I went up about 5 flights to the floor marked “bags.” No luck. Wrong bags. Up 2 more flights, to “kitchenwares.” All I see are bags that are very much not for me. Then I saw a Trader Joe’s bag.”Well, at least it’s a brand I know…” Then I look over and saw a Whole Foods Market bag, and just laughed, because I shop there in the US. The Whole Foods in Chapel Hill is one of the oldest stores in the chain. It’s been there forever, and before that, it was an independent store called Wellspring, and it was pretty popular even then.
The laugh was on me, though. 1200 yen for a $4 bag. Yeah, I felt like an idiot, but the Trader Joe’s bag was 1600 yen. And all of the other bags had stuff written on it in French, and were too small. No thanks. Give me that American size bag that I can stuff a car or a whole cow into!
It’s Even Carolina Blue!
I’m hungry. On my way to the bookstore in Hisayaodori, I had spotted a nice little restaurant called The Sun Room, in the underground passageway called Cenrtal Park at the Hisayaodori subway station. They serve a lot of organic food there, and some vegetables, I think. Turns out it’s a chain, but it’s fine by me. The spaghetti with mozzarella and asparagus in pesto was good, and cheap.
One thing about restaurants here that’s different from restaurants in the US, and that’s ordering. In Japan, you order everything through dessert up front, then your server never comes back. In the US, the server keeps coming back to make sure you don’t want to order another cow, or another giant tub of ice cream, or whatever. (Now I’m getting hungry again.) It’s something small that I need to remember to adjust to every now and then.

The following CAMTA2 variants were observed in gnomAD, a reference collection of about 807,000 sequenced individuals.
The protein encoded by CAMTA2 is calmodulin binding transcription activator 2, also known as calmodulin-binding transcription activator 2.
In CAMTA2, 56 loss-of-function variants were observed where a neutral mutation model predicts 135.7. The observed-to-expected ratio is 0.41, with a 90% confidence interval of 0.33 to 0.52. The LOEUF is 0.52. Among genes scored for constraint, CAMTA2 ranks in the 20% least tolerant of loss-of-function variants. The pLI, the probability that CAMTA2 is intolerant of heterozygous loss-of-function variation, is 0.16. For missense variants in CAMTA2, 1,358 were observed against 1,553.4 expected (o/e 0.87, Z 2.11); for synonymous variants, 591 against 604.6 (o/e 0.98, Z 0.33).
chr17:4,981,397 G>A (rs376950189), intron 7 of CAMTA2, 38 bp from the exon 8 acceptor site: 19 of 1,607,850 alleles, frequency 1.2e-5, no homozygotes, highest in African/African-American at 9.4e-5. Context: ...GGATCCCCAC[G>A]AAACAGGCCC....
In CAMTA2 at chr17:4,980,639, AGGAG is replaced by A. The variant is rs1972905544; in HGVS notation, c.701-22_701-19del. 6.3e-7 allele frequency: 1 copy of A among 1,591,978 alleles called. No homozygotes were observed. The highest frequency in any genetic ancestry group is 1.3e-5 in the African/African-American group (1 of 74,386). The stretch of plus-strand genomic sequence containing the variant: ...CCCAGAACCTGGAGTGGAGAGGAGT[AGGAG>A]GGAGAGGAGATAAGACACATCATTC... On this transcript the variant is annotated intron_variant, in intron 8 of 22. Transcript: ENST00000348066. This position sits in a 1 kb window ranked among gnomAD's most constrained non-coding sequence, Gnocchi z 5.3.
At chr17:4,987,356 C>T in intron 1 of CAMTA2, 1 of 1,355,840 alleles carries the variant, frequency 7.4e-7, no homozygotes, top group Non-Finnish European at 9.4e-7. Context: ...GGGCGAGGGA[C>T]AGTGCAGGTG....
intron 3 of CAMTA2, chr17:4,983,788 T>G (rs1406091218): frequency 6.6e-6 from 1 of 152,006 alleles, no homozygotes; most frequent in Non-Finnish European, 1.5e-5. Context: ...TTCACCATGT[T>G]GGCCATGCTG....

Now it’s 7:30, and I had to rush to Takashimaya at Nagoya Station in a hurry, before it closed, to buy a decent blanket. It’s getting cold, and I can’t run the heater at night without wrecking my throat. So I caught the subway, got to the station, hustled up 9 flights of escalators, and made it to bedding by 7:50. (Hey, I was impressed.) The store clerks helped me find a blanket on sale that would fit my bed that I could wash and hang up to dry without having to wait a month. (Woot.) It’s even Carolina Blue.